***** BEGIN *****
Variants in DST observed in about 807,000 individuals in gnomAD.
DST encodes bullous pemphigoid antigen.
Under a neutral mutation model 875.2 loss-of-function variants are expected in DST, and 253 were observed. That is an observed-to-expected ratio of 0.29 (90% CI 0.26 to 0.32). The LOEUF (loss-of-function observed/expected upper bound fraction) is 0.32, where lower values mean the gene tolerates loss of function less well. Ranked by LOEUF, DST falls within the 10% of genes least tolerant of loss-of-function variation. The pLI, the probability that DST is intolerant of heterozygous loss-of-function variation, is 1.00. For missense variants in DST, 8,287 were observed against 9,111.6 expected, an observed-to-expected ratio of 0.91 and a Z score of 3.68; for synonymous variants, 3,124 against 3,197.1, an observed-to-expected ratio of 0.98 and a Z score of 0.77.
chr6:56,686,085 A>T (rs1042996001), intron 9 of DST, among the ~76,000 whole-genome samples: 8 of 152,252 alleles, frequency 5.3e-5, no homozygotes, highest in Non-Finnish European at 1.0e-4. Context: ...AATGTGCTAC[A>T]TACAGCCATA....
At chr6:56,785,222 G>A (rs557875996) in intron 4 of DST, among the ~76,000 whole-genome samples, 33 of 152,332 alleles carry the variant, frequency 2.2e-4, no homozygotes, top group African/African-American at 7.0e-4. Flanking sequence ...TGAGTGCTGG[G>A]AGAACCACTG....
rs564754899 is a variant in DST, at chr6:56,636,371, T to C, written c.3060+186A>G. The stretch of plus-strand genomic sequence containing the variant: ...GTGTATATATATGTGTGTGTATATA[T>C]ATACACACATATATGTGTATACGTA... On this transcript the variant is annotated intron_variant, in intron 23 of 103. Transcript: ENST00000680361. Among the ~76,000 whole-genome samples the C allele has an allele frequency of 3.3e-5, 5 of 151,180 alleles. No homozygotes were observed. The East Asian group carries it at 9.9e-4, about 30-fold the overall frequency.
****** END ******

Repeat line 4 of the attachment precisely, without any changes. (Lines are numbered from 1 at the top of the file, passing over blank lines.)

chr6:56,686,085 A>T (rs1042996001), intron 9 of DST, among the ~76,000 whole-genome samples: 8 of 152,252 alleles, frequency 5.3e-5, no homozygotes, highest in Non-Finnish European at 1.0e-4. Context: ...AATGTGCTAC[A>T]TACAGCCATA....